Prices have to be raised from time to time. Sometimes you raise them due to supply and demand, like shortages caused by conflict in a region where goods originate or supply chain disruptions like those that took hold after the Covid pandemic and resulted in bottlenecks. Other times, it’s because of an increase in the price of oil affecting transportation, or higher wages for employees. Or it may just be keeping up with the rising cost of living.
Whatever the reason for raising prices, they’re never popular and could result in sales falling off for a while. This is why it’s important to judge the right time to charge more and to introduce those price hikes in a way that will create the least amount of backlash. That’s what we’re going to explore here.
5 tips to follow when contemplating a price increase
1. Do your research.
While decisions about when and how much to raise prices are the province of an owner or manager, before they’re put in place, it’s a good idea to get input from employees, look at sales data, and research the competition.
Sales staff get the customer feedback that lets them know how well products are being received, and they will also be aware of customers’ reactions to other price increases.
As useful as this information is, however, there’s no getting around the importance of empirical figures, data that a centralized order management system gives you. A good software like Cin7 Core tracks and stores everything about the sales a company makes, including customers’ buying history, and can configure it in ways that show emerging patterns—patterns that can be used to determine if raising prices is a good idea.
You should also take a look around to see what the competition is doing. In a comparison, are the products being considered for a price hike better than theirs or the same? How likely are you to lose sales if you raise your price?
If you do decide to charge more, let your staff know ahead of time. Keep them in the loop.
2. Sweeten the deal.
If you’re thinking about asking more for your products, consider softening the blow to your customers by throwing in something extra. Bundling is a good way to do this, basically putting a couple of similar items together for a good price. If you sell electronics, for instance, you could bundle a new expensive laptop with lesser-priced items like a mouse, headphones, and a carrying case. You would get the higher payment for your main item, but your customers will feel they’re getting value for their money — a win-win. Before putting a strategy like this into operation, do your research. Use your sales data to identify those products your clientele will likely pay more for, then find complementary items to pair them with.
If you don’t want to bundle, consider offering complimentary services like gift wrapping or after-sales care. These should be offered with some forethought, however. They cost money, and you don’t want them to eat into the money you’re raising by increasing prices.
3. Time it right.
Timing, as they say, is everything, even when it comes to hiking prices. The state of the market may be a big determining factor, but price increases will go down better with shoppers if a company and its products have a solid reputation. In other words, wait until your company has a strong foothold in the market. After that, you’ll be able to raise prices periodically, but don’t go crazy. You don’t want to price yourself out of the market.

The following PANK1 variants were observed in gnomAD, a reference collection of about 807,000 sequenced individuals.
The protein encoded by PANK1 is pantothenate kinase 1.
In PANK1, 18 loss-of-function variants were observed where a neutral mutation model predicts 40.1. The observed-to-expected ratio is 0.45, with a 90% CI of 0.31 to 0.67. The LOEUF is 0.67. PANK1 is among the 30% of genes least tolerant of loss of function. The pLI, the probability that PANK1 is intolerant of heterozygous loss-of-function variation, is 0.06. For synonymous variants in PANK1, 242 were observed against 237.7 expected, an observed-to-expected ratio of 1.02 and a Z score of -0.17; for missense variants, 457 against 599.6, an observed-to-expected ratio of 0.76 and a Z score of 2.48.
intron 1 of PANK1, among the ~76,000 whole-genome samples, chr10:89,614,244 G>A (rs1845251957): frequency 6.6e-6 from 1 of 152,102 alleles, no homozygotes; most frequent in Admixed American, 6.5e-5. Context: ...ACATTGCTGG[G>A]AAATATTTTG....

High-volume sale periods when shoppers are in a buying mood are also good times to charge more. Similarly, those offering seasonal items like winter or summer clothing or ski equipment can almost certainly raise their prices at the beginning of each season without it being noticed much.
4. Communicate and be transparent.
If you are going to raise your prices at times other than those mentioned in the previous section, don’t try to sneak them in under the radar. Use your social media, send out emails, or do both to let your customers know your intentions ahead of time.
If you’re asking more for your products because your operating costs have increased, tell them. Or if you’re raising the price on an item because it’s costing you more, inform them how upgrades and improvements make the item more useful. Explain how the extra revenue is needed to help you grow your business and be able to offer better products and service.
Actions like this not only prevent your customer base from having a knee-jerk reaction and going elsewhere, they will reinforce trust in your company.
5. Monitor the effects of your price hikes.
After raising prices, track how well those items are selling and check to see if charging more has translated into greater profits. A sophisticated tool like Cin7 Core can be a great asset here, letting you follow the numbers on a single screen. You should also get feedback directly from your customers by asking them to fill out surveys, or by inviting them to contact you through your social media.
When you have a complete picture of the effects your price hikes have had, you can use the information as a springboard for pricing policies going forward, planning that will drive future sales and should lead to greater profits.
Price increases go hand in hand with growing economies and are part and parcel of doing business. A wise businessperson employs thought and planning before enacting them, and takes the market and the customer base into consideration ahead of time.
Data, like everything, is an essential part of this delicate footwork, and there’s no better way of getting the best there is than with Cin7 Core. To learn more about the software, schedule time with one of our experts.